Thanks Carl for your inspirational work at OCAD – Claire shared some of your educational material and it helped us greatly! Bruce Snaddon

    • Carl Hastrich says:

      Hi,
      I love the format of presenting ideas to an audience capable and interested in pursuing the ideas.
      Part of my personal goal in establishing a regional network in ontario is to foster this audience as an avenue for my students. Any tips in forging these collaborations would be fantastic.
      Great to hear about your successes!

  5. scelop says:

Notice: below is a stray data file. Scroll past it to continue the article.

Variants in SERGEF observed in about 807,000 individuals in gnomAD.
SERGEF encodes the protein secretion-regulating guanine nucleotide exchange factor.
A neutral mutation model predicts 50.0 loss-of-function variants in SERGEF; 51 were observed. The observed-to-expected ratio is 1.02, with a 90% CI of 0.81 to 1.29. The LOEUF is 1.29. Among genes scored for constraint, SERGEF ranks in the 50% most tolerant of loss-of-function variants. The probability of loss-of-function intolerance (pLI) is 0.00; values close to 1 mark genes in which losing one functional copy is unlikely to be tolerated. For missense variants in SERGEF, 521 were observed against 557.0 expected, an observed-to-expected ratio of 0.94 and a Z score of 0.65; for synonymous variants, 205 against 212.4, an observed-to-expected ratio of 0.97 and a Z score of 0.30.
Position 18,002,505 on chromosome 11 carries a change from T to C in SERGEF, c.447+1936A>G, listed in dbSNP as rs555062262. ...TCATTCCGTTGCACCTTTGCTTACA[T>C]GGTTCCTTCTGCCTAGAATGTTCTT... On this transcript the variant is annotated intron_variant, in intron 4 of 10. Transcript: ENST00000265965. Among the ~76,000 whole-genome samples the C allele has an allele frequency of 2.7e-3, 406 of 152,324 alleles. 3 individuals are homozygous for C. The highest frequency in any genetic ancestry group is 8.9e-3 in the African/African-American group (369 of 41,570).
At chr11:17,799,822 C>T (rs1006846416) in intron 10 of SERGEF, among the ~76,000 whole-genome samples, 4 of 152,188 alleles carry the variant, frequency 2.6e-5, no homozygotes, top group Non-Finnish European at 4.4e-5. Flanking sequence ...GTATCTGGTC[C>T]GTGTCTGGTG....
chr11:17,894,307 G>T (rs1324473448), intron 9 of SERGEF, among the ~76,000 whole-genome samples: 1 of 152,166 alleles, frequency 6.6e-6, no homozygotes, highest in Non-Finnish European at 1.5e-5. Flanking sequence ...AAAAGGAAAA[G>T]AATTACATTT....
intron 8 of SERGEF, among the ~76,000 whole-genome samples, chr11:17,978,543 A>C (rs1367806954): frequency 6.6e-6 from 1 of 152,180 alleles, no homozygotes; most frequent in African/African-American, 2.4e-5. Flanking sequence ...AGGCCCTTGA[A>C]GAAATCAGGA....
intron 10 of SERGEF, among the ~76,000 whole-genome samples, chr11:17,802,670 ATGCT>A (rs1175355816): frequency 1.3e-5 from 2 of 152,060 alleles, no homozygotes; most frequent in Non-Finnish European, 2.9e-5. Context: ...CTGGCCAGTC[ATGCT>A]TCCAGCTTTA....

As a relative newcomer to biomimicry, one who is thoroughly sold on the idea of its power (is that the kool-aid?), and as a biologist, I think I have seen what you call “biofanaticism”. As part of what you advocate as a cure, I would emphasize that constructive and inclusive dialogue and challenge about the biological details is critical. For example, Life’s Principles is an enormously insightful foundational construct for the vision and conduct of the biomimicry paradigm…it is impossible to over emphasize its role in driving both inspiration and action, yet at the end of the day, it is a construct. Biological observation and study, combined with analysis and interpretation are part of the basis for the “principles,” unless we want to claim they have some how been miraculously and directly revealed to us in the natural world (which would be weird). The construct, therefore is partly a product of human cleverness and insight. From a strictly biological study point of view, many of the “principles” are actually areas of vigorous inquiry and debate rather than settled matters, especially as they might apply to systems at large spatial or temporal scales. Admitting gaps in knowledge and inviting inquiry is not a source of danger, it is a source of power and motivation….it is harder to be a fanatic if you admit you don’t know everything.